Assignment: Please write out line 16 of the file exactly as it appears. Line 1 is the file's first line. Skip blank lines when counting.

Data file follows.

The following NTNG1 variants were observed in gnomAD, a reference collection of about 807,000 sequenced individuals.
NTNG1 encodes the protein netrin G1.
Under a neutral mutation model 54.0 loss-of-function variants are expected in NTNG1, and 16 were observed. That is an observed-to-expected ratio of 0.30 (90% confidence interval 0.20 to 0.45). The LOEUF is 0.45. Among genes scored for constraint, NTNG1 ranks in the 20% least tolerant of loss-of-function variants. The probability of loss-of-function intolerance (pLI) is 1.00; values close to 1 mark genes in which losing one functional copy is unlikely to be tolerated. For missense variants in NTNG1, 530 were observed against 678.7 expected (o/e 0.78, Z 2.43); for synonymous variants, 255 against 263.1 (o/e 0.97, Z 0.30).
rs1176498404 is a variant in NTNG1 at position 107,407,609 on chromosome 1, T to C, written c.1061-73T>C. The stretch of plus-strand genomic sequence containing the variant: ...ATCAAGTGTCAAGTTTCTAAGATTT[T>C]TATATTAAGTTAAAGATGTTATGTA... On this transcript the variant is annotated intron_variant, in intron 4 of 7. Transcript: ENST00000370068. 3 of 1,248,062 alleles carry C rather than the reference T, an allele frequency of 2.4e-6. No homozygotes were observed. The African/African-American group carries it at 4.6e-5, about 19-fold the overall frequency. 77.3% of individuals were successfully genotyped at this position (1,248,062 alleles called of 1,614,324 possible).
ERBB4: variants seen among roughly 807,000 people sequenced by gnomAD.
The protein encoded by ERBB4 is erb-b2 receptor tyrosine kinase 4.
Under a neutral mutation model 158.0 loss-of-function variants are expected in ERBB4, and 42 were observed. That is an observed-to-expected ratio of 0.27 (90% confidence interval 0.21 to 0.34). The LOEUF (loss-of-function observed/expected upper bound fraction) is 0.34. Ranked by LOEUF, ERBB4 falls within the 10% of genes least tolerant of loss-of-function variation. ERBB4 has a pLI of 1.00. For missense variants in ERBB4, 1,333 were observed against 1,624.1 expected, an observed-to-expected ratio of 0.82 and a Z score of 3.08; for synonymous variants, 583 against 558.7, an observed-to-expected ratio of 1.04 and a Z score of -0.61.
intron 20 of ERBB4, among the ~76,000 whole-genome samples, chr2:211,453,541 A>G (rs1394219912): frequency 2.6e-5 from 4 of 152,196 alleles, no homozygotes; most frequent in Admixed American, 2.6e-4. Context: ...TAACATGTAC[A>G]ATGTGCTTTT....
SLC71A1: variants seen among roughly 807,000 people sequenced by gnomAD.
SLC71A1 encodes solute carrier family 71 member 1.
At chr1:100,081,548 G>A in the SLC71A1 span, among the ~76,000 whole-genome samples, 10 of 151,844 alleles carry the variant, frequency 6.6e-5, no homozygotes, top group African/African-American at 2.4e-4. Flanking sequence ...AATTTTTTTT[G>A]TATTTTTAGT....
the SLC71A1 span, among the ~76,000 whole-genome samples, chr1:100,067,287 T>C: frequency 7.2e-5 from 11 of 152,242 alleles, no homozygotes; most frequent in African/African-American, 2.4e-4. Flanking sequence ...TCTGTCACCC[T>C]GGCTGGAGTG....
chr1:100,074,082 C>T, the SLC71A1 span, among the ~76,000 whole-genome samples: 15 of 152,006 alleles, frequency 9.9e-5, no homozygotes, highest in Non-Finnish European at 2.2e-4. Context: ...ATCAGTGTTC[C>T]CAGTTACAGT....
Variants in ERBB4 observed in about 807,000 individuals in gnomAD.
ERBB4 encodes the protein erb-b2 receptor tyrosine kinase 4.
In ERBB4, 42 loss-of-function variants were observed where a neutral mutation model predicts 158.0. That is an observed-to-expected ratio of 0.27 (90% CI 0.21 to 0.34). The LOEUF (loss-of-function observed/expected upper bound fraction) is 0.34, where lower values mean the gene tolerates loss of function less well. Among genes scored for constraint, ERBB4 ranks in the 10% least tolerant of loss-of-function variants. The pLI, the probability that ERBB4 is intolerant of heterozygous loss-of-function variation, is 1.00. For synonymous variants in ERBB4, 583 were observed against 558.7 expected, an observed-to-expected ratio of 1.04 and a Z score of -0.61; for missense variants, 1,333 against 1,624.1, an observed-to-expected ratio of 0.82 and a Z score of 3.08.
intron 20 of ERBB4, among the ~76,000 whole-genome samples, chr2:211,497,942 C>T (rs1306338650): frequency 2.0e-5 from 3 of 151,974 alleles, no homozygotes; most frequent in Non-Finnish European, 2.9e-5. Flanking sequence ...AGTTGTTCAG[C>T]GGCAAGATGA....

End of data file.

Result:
In ERBB4, 42 loss-of-function variants were observed where a neutral mutation model predicts 158.0. That is an observed-to-expected ratio of 0.27 (90% CI 0.21 to 0.34). The LOEUF (loss-of-function observed/expected upper bound fraction) is 0.34, where lower values mean the gene tolerates loss of function less well. Among genes scored for constraint, ERBB4 ranks in the 10% least tolerant of loss-of-function variants. The pLI, the probability that ERBB4 is intolerant of heterozygous loss-of-function variation, is 1.00. For synonymous variants in ERBB4, 583 were observed against 558.7 expected, an observed-to-expected ratio of 1.04 and a Z score of -0.61; for missense variants, 1,333 against 1,624.1, an observed-to-expected ratio of 0.82 and a Z score of 3.08.